Primary amoebic meningoencephalitis (PAM) is a rapidly fatal infection caused by the free-living amoeba Naegleria fowleri The amoeba migrates along the olfactory nerve to the brain, resulting in seizures, coma, and, eventually, death. Previous research has shown that Naegleria gruberi, a close relative of N. fowleri, prefers lipids over glucose as an energy source. Therefore, we tested several already-approved inhibitors of fatty acid oxidation alongside the currently used drugs amphotericin B and miltefosine. Our data demonstrate that etomoxir, orlistat, perhexiline, thioridazine, and valproic acid inhibited growth of N. gruberi We then tested these compounds on N. fowleri and found etomoxir, perhexiline, and thioridazine to be effective growth inhibitors. Hence, not only are lipids the preferred food source for N. gruberi, but also oxidation of fatty acids seems to be essential for growth of N. fowleri Inhibition of fatty acid oxidation could result in new treatment options, as thioridazine inhibits N. fowleri growth in concentrations that can be reached at the site of infection. It could also potentiate currently used therapy, as checkerboard assays revealed synergy between miltefosine and etomoxir. Animal testing should be performed to confirm the added value of these inhibitors. Although the development of new drugs and randomized controlled trials for this rare disease are nearly impossible, inhibition of fatty acid oxidation seems a promising strategy as we showed effectivity of several drugs that are or have been in use and that thus could be repurposed to treat PAM in the future.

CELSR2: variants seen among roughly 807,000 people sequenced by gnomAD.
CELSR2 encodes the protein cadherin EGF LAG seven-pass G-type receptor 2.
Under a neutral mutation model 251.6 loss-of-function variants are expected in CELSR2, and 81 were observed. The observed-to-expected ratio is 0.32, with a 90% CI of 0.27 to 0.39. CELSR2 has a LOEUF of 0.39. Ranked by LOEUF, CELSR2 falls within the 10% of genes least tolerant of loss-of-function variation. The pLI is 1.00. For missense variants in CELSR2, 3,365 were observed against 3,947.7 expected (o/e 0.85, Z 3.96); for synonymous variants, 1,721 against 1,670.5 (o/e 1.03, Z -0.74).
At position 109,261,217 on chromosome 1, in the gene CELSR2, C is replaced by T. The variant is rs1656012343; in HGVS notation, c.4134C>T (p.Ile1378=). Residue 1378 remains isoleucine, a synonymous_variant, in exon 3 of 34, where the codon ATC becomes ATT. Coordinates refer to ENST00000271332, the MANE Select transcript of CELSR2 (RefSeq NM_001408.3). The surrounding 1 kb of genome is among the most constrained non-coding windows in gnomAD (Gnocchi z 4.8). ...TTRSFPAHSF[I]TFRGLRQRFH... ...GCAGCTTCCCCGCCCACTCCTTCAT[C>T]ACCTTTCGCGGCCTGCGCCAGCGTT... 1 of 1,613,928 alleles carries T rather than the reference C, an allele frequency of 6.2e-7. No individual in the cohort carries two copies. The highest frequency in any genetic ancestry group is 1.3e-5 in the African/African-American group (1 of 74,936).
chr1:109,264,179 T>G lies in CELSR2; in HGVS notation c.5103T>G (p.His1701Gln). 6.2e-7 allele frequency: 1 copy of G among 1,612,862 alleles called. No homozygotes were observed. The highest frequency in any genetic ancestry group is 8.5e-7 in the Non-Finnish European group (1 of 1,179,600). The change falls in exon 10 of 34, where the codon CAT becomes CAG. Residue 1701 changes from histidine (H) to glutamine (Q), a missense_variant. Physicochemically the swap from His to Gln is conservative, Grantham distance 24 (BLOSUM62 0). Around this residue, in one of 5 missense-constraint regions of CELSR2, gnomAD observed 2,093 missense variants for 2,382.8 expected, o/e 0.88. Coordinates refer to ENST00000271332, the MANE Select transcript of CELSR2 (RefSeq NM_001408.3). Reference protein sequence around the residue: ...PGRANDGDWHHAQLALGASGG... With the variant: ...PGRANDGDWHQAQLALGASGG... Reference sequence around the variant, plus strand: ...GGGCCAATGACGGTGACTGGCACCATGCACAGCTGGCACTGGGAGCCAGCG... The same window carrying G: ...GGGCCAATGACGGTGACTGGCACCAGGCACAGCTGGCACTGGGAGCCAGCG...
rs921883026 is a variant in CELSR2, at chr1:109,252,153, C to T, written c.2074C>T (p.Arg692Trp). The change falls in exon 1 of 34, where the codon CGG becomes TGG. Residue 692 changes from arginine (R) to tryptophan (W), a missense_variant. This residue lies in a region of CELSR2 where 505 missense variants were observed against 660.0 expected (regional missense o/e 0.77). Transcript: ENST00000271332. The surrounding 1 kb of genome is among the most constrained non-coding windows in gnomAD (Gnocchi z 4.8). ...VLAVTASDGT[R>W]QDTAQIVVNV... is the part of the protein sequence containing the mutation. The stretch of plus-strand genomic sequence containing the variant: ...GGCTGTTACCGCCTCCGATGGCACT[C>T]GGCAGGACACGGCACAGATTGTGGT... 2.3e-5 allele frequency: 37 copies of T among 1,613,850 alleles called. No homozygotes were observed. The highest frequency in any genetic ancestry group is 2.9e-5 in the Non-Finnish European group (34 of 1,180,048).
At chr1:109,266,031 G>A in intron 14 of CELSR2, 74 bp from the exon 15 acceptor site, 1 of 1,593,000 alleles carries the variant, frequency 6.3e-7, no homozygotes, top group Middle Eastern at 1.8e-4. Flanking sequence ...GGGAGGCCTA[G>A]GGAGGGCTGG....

Additional Metadata
Keywords drug targets, energy metabolism, lipid metabolism, Naegleria fowleri, Naegleria gruberi, therapy, thioridazine, treatment
Persistent URL dx.doi.org/10.1128/AAC.00344-20, hdl.handle.net/1765/129244
Journal Antimicrobial Agents and Chemotherapy
Citation
Sarink, M.J. (Maarten J.), Tielens, A.G.M, Verbon, A, Sutak, R. (Robert), & van Hellemond, J.J. (2020). Inhibition of Fatty Acid Oxidation as a New Target To Treat Primary Amoebic Meningoencephalitis. Antimicrobial Agents and Chemotherapy, 64(8). doi:10.1128/AAC.00344-20